Regardless of the legislation we support or what we believe is our civic duty is, our first obligation (after our relationship with Christ) is our responsibility to each other (1 John 4:21). It is our responsibility to love and care for those who Christ calls the “least of these”; this includes women who are facing the difficulty of an unplanned pregnancy and uncertainty about what to do next. In a sermon, Pastor Judah Smith shared that, “God’s plan for our life is always people and it is always right now.” A study of Jesus’ life on earth showcases this truth.
Love in action.
When I first read about the bill proposed in Texas that would require fetal remains to be buried or cremated after miscarriages or abortions, my first thoughts were, “How does this help people? Does this actually reduce abortion? What is the likely result of this bill?” Supporters of the law state the purpose is to “provide dignity for ‘unborn infants.’” However, a lead proponent of the law, Mark Harrington of Created Equal, has also made it clear that the true motive of many of the law’s supporters is for women to realize “it isn’t just a blob of tissue” if they have to deicide whether to bury or cremate the remains.
The legislation, which was drafted by the Americans United for Life explicitly includes several provisions that require fetal death certificates, proper burials and fetal death reporting. By creating a blanket requirement for all fetal death experiences ranging from miscarriage to abortion (as opposed to making these provisions an option), this bill attempts to force women into a belief they may not espouse.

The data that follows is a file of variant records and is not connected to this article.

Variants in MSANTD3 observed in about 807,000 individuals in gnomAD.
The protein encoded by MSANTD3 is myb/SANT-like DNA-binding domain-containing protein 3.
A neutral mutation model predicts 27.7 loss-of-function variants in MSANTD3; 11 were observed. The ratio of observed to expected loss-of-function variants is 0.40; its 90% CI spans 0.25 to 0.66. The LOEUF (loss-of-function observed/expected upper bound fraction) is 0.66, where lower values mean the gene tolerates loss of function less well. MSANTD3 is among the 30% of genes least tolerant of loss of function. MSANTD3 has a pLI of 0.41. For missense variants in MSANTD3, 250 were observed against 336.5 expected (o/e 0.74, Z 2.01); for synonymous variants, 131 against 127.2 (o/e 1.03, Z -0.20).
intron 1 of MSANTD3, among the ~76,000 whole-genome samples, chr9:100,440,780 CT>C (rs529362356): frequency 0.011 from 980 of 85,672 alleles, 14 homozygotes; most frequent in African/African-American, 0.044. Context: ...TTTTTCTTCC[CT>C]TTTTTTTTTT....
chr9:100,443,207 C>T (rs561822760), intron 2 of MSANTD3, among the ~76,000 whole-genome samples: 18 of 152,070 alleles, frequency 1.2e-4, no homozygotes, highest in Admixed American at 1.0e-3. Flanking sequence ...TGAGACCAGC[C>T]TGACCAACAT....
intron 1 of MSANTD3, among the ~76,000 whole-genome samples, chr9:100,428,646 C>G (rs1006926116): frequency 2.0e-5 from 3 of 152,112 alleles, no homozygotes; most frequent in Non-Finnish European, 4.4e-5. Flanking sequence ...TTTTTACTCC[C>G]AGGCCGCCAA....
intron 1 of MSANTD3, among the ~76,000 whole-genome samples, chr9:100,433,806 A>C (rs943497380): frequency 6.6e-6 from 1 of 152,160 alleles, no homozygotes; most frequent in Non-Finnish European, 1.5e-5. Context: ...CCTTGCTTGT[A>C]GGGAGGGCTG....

Moreover, it can feel like an added punishment for a woman who is already in the midst of either a soul-crushing abortion or miscarriage. This roundabout method of preventing abortion risks induces shame for the women who find themselves in this circumstance, and there’s no data to suggest that it will effectively reduce abortion.
A federal judge has temporarily issued a restraining order blocking the rule from going into effect on December 19, but this law (and several other similar restrictions proposed) present an opportunity for Christians to look closely at the issue and consider what role we play and how we can serve women.
How to help.